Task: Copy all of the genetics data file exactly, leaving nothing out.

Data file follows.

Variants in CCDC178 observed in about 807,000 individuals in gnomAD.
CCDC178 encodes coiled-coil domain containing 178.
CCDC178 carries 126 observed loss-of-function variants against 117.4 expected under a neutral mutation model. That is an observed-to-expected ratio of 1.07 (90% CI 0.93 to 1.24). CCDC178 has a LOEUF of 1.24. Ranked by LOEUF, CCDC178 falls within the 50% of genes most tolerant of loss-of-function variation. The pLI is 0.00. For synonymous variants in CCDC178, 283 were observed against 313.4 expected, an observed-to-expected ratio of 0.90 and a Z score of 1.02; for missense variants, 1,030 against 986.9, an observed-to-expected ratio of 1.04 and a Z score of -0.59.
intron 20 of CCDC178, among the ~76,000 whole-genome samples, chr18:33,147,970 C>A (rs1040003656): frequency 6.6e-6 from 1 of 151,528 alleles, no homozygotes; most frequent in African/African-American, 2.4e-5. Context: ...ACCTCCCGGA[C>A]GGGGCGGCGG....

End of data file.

Variants in CCDC178 observed in about 807,000 individuals in gnomAD.
CCDC178 encodes coiled-coil domain containing 178.
CCDC178 carries 126 observed loss-of-function variants against 117.4 expected under a neutral mutation model. That is an observed-to-expected ratio of 1.07 (90% CI 0.93 to 1.24). CCDC178 has a LOEUF of 1.24. Ranked by LOEUF, CCDC178 falls within the 50% of genes most tolerant of loss-of-function variation. The pLI is 0.00. For synonymous variants in CCDC178, 283 were observed against 313.4 expected, an observed-to-expected ratio of 0.90 and a Z score of 1.02; for missense variants, 1,030 against 986.9, an observed-to-expected ratio of 1.04 and a Z score of -0.59.
intron 20 of CCDC178, among the ~76,000 whole-genome samples, chr18:33,147,970 C>A (rs1040003656): frequency 6.6e-6 from 1 of 151,528 alleles, no homozygotes; most frequent in African/African-American, 2.4e-5. Context: ...ACCTCCCGGA[C>A]GGGGCGGCGG....